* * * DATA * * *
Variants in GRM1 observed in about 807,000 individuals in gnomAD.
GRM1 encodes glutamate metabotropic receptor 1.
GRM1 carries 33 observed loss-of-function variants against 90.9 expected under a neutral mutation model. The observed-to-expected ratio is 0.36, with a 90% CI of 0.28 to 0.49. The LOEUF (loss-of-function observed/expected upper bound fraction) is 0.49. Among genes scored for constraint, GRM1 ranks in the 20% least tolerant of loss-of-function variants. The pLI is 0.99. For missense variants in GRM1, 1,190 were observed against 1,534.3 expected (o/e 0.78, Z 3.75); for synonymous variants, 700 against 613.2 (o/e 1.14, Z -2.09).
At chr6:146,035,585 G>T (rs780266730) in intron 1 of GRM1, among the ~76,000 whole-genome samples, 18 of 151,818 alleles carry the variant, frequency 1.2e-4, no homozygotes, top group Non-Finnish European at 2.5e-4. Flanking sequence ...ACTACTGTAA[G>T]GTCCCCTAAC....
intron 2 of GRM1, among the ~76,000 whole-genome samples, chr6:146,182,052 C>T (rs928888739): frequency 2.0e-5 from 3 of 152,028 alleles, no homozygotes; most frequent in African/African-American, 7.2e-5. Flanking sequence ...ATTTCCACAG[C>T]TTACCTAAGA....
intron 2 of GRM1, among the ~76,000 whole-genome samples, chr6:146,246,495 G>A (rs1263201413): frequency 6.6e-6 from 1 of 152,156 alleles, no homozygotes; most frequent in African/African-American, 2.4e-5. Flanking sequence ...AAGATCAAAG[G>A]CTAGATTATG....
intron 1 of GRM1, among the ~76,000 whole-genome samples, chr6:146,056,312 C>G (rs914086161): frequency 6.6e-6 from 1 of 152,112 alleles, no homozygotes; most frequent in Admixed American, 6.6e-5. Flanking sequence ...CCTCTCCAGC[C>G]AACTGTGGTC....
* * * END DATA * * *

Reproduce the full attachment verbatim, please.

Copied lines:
Variants in GRM1 observed in about 807,000 individuals in gnomAD.
GRM1 encodes glutamate metabotropic receptor 1.
GRM1 carries 33 observed loss-of-function variants against 90.9 expected under a neutral mutation model. The observed-to-expected ratio is 0.36, with a 90% CI of 0.28 to 0.49. The LOEUF (loss-of-function observed/expected upper bound fraction) is 0.49. Among genes scored for constraint, GRM1 ranks in the 20% least tolerant of loss-of-function variants. The pLI is 0.99. For missense variants in GRM1, 1,190 were observed against 1,534.3 expected (o/e 0.78, Z 3.75); for synonymous variants, 700 against 613.2 (o/e 1.14, Z -2.09).
At chr6:146,035,585 G>T (rs780266730) in intron 1 of GRM1, among the ~76,000 whole-genome samples, 18 of 151,818 alleles carry the variant, frequency 1.2e-4, no homozygotes, top group Non-Finnish European at 2.5e-4. Flanking sequence ...ACTACTGTAA[G>T]GTCCCCTAAC....
intron 2 of GRM1, among the ~76,000 whole-genome samples, chr6:146,182,052 C>T (rs928888739): frequency 2.0e-5 from 3 of 152,028 alleles, no homozygotes; most frequent in African/African-American, 7.2e-5. Flanking sequence ...ATTTCCACAG[C>T]TTACCTAAGA....
intron 2 of GRM1, among the ~76,000 whole-genome samples, chr6:146,246,495 G>A (rs1263201413): frequency 6.6e-6 from 1 of 152,156 alleles, no homozygotes; most frequent in African/African-American, 2.4e-5. Flanking sequence ...AAGATCAAAG[G>A]CTAGATTATG....
intron 1 of GRM1, among the ~76,000 whole-genome samples, chr6:146,056,312 C>G (rs914086161): frequency 6.6e-6 from 1 of 152,112 alleles, no homozygotes; most frequent in Admixed American, 6.6e-5. Flanking sequence ...CCTCTCCAGC[C>G]AACTGTGGTC....